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The rise of renminbi explained

It's the currency everybody's talking about, and with good reason; a recent survey of central banks predicted that renminbi (RMB) will make up 10% of the world's currency reserves by 2025. The RMB's predicted growth is impressive, but not unexpected. So what do we know about this currency and the effects its rise could have? And what exactly is it?

Renminbi is the official currency of China, introduced in 1949 by the Communist People's Republic of China. The yuan is a unit of renminbi, comparable to the relationship between the UK's pound and sterling.

Introducing RMB ended inflation after China's civil war. Since 1980, the Chinese economy has gone from strength to strength, and its currency too. It was pegged to the US dollar in 1997, then in 2005 the country decided to make the exchange rate more flexible, allowing 2% movement up or down each day, to keep its exports competitive. China now has the second-largest economy in the world, and though renminbi isn't yet entirely convertible – it's still subject to strict internal controls – it's a growing force.

The Central Banking Publications survey predicted that roughly 2.9% of foreign-exchange reserves will be in RMB by the end of 2015. Because more and more countries are holding it in their reserves, China is appealing for renminbi to be included in the IMF's reserve basket, or Special Drawing Rights (SDR). This is made up of the four strongest currencies in the world, currently the US dollar, pound sterling, euro and Japanese yen. Adding RMB would boost China's financial position and allow it to compete with the US for global financial dominance.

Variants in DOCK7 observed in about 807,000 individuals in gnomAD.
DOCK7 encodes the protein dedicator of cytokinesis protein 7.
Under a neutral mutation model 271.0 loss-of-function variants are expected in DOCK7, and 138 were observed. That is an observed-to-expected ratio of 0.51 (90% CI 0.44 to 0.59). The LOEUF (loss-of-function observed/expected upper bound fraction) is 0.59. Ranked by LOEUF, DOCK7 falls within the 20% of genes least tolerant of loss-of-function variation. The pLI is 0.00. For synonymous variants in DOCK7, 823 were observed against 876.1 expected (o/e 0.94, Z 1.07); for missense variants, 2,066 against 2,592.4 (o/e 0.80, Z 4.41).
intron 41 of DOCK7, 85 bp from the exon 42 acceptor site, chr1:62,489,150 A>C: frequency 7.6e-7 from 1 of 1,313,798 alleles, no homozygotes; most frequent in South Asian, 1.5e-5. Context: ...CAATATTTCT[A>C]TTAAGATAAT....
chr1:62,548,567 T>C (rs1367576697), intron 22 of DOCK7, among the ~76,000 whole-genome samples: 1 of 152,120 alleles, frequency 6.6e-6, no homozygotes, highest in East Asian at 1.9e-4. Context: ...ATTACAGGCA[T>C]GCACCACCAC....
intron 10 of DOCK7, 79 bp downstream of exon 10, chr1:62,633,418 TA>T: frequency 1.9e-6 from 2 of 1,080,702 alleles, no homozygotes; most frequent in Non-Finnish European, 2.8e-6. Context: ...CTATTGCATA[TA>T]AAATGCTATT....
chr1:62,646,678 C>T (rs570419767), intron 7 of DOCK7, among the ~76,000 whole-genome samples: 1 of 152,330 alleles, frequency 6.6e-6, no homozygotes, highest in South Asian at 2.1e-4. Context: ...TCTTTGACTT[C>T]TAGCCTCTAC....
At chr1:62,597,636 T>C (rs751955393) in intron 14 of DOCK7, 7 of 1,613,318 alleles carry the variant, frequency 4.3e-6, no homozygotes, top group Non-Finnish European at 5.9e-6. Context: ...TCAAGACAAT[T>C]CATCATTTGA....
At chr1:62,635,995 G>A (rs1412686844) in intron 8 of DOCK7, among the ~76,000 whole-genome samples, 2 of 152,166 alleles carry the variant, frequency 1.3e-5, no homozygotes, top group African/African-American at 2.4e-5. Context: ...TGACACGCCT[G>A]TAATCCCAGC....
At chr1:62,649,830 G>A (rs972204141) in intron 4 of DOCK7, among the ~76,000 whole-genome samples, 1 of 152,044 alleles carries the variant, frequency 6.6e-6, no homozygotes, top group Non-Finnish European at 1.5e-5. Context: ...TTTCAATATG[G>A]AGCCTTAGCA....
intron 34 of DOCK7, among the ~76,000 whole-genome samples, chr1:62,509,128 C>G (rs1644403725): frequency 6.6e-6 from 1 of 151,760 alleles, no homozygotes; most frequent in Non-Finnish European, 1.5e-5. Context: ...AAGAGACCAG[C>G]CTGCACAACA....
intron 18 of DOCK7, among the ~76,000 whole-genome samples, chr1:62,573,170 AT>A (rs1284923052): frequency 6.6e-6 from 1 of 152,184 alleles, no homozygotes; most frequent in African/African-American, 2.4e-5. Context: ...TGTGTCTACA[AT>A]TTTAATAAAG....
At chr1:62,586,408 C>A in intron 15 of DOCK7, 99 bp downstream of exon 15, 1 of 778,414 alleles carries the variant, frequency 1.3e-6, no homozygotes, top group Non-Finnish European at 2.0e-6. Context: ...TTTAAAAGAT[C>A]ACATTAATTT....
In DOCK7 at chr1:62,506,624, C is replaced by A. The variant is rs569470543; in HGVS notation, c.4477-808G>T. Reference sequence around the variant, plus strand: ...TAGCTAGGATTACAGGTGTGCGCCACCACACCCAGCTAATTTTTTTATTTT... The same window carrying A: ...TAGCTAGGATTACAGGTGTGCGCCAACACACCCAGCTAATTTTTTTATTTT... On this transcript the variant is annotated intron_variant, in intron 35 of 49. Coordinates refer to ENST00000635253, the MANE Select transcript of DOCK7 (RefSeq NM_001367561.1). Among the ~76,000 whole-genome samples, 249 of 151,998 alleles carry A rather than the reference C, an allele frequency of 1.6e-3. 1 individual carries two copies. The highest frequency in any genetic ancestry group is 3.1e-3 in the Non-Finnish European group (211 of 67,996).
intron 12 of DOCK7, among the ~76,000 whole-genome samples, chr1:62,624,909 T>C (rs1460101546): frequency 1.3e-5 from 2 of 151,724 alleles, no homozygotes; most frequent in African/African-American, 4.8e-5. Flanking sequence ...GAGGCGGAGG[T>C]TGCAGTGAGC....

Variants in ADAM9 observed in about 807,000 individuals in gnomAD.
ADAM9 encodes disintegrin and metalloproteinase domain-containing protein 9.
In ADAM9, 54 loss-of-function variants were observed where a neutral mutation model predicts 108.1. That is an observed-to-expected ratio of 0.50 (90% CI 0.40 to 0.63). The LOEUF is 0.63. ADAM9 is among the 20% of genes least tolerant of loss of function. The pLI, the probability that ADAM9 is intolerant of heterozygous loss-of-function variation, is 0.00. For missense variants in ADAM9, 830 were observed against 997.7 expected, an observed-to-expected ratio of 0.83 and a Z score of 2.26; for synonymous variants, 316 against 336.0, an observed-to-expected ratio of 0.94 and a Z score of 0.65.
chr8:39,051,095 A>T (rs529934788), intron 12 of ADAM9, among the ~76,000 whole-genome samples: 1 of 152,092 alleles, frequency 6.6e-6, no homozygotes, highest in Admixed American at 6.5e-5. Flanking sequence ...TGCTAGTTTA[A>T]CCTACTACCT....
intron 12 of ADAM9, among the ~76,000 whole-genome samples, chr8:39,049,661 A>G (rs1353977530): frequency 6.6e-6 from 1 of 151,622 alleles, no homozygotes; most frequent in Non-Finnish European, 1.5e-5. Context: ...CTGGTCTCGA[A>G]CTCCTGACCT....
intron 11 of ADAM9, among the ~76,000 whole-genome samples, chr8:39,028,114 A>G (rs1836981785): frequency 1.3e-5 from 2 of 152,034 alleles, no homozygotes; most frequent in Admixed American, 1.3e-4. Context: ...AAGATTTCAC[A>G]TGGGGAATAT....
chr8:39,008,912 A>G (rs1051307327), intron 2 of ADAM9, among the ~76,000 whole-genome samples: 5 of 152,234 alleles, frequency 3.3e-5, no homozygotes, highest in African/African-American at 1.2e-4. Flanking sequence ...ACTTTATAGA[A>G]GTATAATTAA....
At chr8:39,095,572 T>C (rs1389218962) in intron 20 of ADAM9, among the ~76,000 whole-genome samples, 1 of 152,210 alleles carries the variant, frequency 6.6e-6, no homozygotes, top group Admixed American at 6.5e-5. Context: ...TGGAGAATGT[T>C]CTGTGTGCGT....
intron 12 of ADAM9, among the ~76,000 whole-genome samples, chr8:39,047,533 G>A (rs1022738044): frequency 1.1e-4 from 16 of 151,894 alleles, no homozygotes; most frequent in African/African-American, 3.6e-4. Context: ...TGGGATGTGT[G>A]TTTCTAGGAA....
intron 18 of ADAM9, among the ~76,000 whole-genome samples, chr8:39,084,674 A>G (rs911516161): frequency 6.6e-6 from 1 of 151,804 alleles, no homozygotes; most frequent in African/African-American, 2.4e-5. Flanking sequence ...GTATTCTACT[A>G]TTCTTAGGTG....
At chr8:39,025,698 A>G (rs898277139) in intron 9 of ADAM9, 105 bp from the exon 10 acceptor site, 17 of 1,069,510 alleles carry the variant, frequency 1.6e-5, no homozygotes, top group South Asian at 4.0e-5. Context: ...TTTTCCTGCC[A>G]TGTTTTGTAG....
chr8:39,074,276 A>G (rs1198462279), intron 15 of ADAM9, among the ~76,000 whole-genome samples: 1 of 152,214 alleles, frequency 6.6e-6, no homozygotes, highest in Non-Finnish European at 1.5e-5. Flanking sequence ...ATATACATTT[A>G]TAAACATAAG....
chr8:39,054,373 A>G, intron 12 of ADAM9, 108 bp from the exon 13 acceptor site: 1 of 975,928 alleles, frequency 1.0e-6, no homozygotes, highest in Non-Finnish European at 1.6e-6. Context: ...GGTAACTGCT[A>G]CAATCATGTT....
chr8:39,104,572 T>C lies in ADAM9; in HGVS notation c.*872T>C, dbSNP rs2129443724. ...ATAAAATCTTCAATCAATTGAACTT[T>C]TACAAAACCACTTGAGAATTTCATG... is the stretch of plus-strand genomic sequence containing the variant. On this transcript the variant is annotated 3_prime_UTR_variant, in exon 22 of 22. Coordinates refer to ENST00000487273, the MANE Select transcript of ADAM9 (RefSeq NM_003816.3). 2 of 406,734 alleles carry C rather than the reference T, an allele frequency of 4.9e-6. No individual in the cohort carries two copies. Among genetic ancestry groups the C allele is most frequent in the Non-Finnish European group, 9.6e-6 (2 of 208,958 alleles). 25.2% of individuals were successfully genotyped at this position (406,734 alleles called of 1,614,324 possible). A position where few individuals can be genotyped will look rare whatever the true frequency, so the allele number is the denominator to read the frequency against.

Because it's been fixed for so long, it’s tough to estimate how much renminbi's value would shift by; studies suggest it's undervalued by between 3-50%. If it's the larger amount, 100¥, currently around $16.14, would be worth $24.21. This could negatively impact tourism and international business, increasing the cost of exports and potentially making China less globally competitive. Chinese authorities also fear the country's richest individuals would leave, taking their money with them. 

China's ambition, if realised, could lead to a tough time for the country and a tumultuous global marketplace. But since it's still not convertible, some commentators and foreign banks doubt that it will make these power gains in 2015.

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